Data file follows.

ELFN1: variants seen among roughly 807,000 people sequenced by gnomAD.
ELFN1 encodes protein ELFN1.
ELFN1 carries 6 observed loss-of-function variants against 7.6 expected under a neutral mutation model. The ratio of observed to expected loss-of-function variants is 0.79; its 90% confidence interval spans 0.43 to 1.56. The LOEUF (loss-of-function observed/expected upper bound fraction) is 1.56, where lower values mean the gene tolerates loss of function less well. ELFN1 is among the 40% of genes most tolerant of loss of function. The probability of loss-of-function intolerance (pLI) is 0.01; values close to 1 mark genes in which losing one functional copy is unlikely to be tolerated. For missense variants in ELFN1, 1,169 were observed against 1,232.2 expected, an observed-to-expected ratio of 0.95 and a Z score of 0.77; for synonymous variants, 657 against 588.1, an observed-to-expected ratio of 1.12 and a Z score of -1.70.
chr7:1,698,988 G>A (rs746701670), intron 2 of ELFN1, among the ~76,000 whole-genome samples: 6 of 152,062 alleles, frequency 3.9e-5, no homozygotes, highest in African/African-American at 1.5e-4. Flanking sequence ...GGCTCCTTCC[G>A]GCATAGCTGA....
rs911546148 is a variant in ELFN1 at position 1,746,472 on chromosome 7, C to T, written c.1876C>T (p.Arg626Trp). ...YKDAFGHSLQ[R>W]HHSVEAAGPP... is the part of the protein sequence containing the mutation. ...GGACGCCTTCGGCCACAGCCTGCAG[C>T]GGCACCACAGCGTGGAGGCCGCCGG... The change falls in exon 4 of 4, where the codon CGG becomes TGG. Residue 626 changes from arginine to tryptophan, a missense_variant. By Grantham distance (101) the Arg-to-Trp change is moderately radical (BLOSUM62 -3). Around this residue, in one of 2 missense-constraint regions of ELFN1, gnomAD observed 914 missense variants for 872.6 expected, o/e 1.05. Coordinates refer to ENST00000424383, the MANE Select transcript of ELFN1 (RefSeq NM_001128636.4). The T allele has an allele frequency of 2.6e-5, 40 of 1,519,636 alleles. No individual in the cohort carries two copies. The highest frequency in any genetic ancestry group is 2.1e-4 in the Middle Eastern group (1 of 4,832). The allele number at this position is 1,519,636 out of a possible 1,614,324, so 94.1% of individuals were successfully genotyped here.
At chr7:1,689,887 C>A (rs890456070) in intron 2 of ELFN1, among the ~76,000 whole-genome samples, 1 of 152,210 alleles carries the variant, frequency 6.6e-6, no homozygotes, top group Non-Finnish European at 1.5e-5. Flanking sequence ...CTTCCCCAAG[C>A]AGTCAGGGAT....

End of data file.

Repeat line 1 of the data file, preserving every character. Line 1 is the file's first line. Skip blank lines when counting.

ELFN1: variants seen among roughly 807,000 people sequenced by gnomAD.